We recommend establishing a unified G20 countries job vacancies database for youth and promoting youth mobility. In order to stimulate youth self-employment we propose empowering and supporting youth entrepreneurship by supporting Small and Medium Enterprises (SME) through soft loans and mentoring.
We support implementing basic financial education and entrepreneurship courses in schools and actualizing financial literacy standards. We recommend that financial institutions establish educational departments.
We encourage international cooperation in healthcare through knowledge-exchange processes and working abroad programs in order to improve the quality of healthcare systems and the professional experience of medical professionals.
We support the implementation of governmental conditional cash transfer programs in order to provide livelihood sources and better living standards for the purpose of extreme poverty eradication.
B. Energy Efficiency
We welcome a global consensus to strengthen a Post-Kyoto protocol framework to reduce carbon emissions which will reflect regional circumstances.
We recommend that G20 governments consider the implementation of a national progressive tax for carbon emissions based on a percentage of individual weighted system of indicators. Carbon tax is not going to harm free trade relations. Further, we suggest that nations consider providing lower taxation levels once investment targets for sustainable development have been met.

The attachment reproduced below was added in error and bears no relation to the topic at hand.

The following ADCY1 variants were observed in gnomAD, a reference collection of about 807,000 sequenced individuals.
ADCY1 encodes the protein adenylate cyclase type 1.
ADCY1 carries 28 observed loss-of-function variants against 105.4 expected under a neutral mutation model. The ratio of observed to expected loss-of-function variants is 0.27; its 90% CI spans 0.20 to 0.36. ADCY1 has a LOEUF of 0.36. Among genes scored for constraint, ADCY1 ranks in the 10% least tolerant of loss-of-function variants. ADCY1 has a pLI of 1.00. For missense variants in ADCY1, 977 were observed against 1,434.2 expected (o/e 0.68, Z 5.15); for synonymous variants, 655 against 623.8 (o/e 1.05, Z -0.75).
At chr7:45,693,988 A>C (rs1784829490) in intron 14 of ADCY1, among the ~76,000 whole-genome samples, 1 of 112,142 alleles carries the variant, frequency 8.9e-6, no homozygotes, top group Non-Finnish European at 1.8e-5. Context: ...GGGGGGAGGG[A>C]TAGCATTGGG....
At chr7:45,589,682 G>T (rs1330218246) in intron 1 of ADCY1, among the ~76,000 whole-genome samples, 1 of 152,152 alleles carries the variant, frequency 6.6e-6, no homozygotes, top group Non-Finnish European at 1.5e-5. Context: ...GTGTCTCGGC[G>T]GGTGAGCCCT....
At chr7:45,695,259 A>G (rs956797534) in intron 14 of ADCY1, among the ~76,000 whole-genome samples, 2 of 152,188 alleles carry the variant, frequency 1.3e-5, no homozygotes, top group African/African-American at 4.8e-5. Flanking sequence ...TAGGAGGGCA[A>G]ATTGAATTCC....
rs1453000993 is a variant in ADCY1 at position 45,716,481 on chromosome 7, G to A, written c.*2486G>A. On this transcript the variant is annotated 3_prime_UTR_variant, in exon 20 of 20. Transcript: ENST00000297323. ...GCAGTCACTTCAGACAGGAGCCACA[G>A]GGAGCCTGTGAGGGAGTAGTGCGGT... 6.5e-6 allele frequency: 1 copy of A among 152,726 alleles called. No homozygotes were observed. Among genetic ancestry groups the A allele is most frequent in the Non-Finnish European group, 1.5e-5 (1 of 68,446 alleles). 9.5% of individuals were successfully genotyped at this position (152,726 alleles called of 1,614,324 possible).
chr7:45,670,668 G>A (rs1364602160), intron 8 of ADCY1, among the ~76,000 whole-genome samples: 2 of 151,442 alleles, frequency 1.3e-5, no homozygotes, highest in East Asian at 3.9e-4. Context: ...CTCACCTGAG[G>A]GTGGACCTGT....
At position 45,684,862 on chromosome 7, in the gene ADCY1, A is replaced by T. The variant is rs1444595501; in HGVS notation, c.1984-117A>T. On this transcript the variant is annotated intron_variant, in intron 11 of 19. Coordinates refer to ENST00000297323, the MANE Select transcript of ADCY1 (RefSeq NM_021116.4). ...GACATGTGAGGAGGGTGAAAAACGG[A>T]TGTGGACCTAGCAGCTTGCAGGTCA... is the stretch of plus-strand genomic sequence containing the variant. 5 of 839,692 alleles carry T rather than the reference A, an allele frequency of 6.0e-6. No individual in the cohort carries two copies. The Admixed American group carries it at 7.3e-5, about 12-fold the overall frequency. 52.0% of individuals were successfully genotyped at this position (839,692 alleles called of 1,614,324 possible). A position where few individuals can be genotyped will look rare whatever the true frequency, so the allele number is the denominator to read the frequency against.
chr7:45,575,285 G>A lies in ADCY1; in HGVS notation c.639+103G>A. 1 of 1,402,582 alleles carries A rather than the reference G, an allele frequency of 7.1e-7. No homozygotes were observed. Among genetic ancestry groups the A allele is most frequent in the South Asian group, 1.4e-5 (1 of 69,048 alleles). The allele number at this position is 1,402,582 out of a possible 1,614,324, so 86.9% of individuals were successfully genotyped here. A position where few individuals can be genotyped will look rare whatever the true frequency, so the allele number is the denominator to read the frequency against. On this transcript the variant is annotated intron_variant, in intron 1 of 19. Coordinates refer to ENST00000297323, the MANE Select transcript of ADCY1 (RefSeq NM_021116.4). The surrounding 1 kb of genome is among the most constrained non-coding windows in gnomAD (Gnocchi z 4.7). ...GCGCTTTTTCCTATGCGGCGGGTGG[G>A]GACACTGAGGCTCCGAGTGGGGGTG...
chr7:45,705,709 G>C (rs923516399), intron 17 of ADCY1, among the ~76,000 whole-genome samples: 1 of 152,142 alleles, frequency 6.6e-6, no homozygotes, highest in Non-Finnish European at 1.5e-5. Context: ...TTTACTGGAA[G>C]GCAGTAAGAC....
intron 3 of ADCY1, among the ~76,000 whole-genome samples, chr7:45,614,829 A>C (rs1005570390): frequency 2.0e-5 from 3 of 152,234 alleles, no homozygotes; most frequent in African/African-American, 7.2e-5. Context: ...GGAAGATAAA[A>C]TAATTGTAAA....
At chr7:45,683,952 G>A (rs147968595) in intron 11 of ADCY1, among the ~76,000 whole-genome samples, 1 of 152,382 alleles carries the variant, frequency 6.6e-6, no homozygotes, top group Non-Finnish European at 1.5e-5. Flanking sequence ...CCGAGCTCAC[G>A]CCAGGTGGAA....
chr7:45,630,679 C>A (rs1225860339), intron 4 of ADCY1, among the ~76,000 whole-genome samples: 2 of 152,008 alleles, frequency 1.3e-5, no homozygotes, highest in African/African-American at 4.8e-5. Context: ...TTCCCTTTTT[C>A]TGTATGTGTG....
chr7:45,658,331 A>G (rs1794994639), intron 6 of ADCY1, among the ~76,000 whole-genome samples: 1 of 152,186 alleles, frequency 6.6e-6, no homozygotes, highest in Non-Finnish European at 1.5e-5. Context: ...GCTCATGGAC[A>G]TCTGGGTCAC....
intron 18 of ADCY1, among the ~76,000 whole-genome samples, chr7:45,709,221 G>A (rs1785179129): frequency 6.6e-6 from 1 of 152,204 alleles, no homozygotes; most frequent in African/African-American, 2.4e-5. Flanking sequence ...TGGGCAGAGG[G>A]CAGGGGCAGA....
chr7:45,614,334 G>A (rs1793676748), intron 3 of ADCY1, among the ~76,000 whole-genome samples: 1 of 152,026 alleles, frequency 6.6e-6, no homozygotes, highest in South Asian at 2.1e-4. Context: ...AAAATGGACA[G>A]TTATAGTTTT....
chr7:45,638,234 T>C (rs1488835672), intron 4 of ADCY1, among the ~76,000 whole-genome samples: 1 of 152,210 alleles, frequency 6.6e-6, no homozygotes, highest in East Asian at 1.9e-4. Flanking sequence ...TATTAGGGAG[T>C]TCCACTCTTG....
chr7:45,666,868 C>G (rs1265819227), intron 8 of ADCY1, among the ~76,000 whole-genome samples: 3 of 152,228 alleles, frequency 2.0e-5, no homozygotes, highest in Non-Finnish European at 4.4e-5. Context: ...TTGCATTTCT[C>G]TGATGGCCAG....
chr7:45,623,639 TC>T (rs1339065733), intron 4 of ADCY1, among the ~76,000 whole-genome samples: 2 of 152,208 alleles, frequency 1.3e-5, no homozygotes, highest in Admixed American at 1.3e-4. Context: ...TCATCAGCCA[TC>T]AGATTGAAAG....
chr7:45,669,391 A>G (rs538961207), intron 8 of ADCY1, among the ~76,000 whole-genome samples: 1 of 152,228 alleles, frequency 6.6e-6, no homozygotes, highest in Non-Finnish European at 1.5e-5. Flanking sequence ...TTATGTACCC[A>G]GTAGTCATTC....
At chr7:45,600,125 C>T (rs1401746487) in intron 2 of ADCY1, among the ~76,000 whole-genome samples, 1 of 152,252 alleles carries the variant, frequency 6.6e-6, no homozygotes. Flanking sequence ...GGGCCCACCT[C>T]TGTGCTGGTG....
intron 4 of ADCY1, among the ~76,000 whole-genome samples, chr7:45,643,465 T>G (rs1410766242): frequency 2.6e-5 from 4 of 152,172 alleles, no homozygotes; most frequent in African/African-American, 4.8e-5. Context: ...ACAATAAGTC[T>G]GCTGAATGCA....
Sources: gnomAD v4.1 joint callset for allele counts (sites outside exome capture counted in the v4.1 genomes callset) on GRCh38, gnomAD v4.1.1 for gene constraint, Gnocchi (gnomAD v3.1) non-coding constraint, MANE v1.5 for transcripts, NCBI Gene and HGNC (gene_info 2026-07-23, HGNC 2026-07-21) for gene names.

We propose using direct debiting mechanisms on existing accounts as well as funding through securitizing Green bonds and using Exchange Futures for Physicals mechanisms on the national level.
Funding for decarbonization, implementation of infrastructure and legal technology transfer can be provided by the Green Climate Fund. This Fund would in turn be financed by the national progressive tax on carbon emissions.
We encourage the public sector to support the development of sustainable projects through public procurement and catalytic projects. We urge G20 leaders to foster public and private sector investments in energy efficient infrastructures.
We suggest establishing renewable energy research centers and G20 student and scholar exchange programs with government financial support.
We recommend the creation of regional partnerships linking national energy markets in order to enhance cost-effective energy efficiency.
With regard to energy price stability, we suggest improving regulatory oversight of energy markets to promote transparency and tackle price volatility.
We recommend that G20 leaders promote energy efficiency as a key priority in order to reduce impacts on the environment while preserving economic growth and competitiveness.
We recommend standardizing the measurement of energy efficiency according to best practices set by international institutions.
In order to ensure nuclear energy safety, we affirm the endorsement of International Atomic Energy Agency safety standards.
C. Infrastructure Development
We encourage G20 countries to establish implementation standards for innovative PPP and consider country-specific circumstances with regards to transparency, monitoring and evaluation.
We recognize the important role of governments in viability gap funding for private players.